Steve Bond; author Music, Dance and Alzheimer's Disease

By: Steve Bond, BScPhm, RPh, CDE

From the time we are young, we are taught that certain numbers are important – our house number, phone number, even 9-1-1 (in case of emergencies). As we grow, that list grows – our student number, social insurance number, important dates, the combination to our locker. As we approach Father’s Day, I want to share some important numbers that every man should know. These numbers are important to our health, and as I get older, I find myself focusing on them. The first is a ratio: 140 over 90. This is the target blood pressure for most men. 140 refers to the systolic pressure – the highest pressure in our blood vessels and occurs when the heart pumps. 90 is the diastolic pressure – the lowest pressure and it occurs between beats. Pressures above these numbers are considered high blood pressure or hypertension and it means that the heart must work harder, leading to increased stress and a greater risk of heart attack and stroke. Now, I will add that for some men (and women), our doctor or nurse practitioner will ask that we reduce that pressure based on medical conditions and risk factors.

The next number is 37 – as in inches – we should strive to keep our waist measurement below this number. If our waist is above 37 inches, it means that we are accumulating abdominal fat, (aka a spare tire) and that’s the worst kind of fat. This kind of fat is linked to higher rates of heart disease and diabetes. While the only true way to measure the abdominal fat deposits (also called visceral fat) is with a scan, reducing the waist size can reduce the distribution. The best way to shrink our waistline is by looking at our diet. Avoiding foods rich in simple sugars and saturated fats and increasing fibre can have a huge impact.  Regular exercise, particularly aerobic exercise can also help us.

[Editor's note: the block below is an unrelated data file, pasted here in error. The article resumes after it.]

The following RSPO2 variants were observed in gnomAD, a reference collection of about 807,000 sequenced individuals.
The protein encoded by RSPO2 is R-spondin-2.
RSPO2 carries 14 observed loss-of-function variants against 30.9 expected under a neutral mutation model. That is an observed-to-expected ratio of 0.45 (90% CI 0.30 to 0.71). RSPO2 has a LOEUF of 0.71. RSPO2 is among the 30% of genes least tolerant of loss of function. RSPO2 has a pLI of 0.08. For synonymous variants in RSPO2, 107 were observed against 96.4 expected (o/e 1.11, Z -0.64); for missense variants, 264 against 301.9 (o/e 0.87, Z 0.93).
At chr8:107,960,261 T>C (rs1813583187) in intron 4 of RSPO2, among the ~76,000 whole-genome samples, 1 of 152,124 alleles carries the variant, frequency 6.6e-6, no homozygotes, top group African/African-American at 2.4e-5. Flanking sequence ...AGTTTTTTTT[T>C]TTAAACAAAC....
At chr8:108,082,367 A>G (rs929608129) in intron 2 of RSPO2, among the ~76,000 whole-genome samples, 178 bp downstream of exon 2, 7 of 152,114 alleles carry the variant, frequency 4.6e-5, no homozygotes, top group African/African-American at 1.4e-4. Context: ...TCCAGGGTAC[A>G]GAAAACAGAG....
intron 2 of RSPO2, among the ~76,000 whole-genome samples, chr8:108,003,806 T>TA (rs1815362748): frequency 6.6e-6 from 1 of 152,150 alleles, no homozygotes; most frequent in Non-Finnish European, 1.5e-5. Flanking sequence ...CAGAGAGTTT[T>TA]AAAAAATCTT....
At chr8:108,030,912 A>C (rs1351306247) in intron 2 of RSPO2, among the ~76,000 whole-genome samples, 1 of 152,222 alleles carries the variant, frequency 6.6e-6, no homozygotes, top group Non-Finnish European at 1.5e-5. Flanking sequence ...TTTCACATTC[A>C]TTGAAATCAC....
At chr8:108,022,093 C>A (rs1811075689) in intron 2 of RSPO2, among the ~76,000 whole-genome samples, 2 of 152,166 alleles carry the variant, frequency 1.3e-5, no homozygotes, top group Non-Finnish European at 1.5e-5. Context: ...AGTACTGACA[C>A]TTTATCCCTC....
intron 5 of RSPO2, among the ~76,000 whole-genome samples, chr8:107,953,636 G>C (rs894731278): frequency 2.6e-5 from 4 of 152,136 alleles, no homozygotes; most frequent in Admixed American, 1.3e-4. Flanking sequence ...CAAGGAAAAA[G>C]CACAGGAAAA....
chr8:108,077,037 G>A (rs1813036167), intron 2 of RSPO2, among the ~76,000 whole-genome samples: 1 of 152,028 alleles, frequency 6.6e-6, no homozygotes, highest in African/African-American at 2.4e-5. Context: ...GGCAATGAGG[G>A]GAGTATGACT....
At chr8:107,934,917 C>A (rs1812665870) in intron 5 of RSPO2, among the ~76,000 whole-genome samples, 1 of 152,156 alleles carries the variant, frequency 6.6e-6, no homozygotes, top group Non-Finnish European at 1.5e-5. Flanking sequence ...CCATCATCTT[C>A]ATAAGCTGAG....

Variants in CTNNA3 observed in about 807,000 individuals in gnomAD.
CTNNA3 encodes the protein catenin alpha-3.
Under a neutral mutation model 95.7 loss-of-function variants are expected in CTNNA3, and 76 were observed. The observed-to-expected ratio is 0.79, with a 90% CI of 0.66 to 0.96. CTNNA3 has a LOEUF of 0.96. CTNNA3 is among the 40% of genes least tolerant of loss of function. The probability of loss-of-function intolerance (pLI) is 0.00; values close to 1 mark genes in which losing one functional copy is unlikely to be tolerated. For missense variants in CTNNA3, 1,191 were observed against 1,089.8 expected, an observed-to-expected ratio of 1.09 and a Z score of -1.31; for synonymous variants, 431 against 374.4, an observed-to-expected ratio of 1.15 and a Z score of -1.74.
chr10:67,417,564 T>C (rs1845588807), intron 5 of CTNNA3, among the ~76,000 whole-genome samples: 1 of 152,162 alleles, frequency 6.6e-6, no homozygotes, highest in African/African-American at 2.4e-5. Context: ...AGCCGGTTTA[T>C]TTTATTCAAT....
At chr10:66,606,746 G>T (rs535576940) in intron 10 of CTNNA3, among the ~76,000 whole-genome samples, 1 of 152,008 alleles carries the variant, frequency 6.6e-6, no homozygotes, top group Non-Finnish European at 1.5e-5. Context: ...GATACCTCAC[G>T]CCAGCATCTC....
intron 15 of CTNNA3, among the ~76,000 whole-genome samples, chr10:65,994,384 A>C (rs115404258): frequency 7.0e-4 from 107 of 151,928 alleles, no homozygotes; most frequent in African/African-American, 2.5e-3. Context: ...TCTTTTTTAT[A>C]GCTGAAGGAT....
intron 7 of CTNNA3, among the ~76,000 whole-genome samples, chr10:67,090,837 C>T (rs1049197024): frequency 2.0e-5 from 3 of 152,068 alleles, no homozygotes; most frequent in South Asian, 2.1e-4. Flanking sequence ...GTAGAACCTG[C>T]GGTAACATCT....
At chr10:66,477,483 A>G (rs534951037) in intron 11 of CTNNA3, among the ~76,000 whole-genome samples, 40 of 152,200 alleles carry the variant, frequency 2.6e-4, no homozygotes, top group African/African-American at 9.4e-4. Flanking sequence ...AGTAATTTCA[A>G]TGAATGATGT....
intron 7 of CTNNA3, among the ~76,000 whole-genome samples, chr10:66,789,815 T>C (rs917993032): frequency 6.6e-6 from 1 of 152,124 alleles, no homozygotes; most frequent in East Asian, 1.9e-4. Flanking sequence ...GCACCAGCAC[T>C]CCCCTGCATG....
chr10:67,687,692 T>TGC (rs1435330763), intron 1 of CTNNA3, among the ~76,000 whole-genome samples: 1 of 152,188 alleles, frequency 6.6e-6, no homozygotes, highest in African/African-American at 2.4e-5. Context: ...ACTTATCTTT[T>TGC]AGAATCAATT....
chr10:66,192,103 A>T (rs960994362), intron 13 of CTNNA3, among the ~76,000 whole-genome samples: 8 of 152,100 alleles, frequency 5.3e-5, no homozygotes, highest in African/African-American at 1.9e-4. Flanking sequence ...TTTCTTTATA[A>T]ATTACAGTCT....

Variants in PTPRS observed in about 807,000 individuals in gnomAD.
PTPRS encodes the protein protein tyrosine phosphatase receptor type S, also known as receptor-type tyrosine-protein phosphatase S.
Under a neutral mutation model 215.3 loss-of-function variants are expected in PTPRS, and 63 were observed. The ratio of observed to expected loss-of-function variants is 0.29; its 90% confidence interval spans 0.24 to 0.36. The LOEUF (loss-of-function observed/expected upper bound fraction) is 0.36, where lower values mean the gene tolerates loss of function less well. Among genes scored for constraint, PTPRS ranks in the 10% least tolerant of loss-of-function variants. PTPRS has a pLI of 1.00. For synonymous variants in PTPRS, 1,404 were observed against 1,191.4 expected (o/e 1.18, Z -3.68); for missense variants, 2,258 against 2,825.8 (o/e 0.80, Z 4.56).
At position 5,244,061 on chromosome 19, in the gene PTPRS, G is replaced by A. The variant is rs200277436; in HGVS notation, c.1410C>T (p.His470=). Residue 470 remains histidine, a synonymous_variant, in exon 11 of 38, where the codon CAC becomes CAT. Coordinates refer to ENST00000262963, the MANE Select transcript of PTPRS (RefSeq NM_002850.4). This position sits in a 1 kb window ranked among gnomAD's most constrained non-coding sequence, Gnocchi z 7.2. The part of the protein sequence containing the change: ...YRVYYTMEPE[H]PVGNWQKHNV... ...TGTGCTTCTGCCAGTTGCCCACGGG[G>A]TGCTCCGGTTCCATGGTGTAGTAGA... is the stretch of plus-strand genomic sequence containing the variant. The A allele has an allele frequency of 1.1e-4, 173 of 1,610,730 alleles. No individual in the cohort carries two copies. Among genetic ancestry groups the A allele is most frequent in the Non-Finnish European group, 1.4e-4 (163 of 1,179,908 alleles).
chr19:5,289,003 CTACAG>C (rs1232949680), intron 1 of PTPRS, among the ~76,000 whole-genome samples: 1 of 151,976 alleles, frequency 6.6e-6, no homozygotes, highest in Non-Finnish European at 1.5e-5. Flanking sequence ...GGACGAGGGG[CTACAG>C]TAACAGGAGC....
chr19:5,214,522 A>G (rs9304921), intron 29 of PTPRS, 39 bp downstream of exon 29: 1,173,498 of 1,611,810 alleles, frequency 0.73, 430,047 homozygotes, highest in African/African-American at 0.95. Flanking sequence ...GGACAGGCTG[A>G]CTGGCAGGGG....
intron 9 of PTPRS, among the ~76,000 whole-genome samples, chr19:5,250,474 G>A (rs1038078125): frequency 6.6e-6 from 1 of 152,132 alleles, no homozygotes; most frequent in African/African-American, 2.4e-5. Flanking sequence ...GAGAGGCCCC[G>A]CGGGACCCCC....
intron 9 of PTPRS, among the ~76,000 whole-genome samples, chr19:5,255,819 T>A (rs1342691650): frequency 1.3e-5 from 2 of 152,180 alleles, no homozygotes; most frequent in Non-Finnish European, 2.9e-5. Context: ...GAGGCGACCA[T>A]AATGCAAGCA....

This brings me to my important number, 150 – the number of minutes of moderate exercise we should all aim for each week. Moderate exercise should make you slightly breathless – like a quick walk or even cutting the grass. It is important that you speak to your doctor or nurse practitioner before starting any vigorous activity and start slowly particularly if you haven’t been active for a while.  There are more numbers, but I will save those for another post.  For now, take care of yourselves and each other.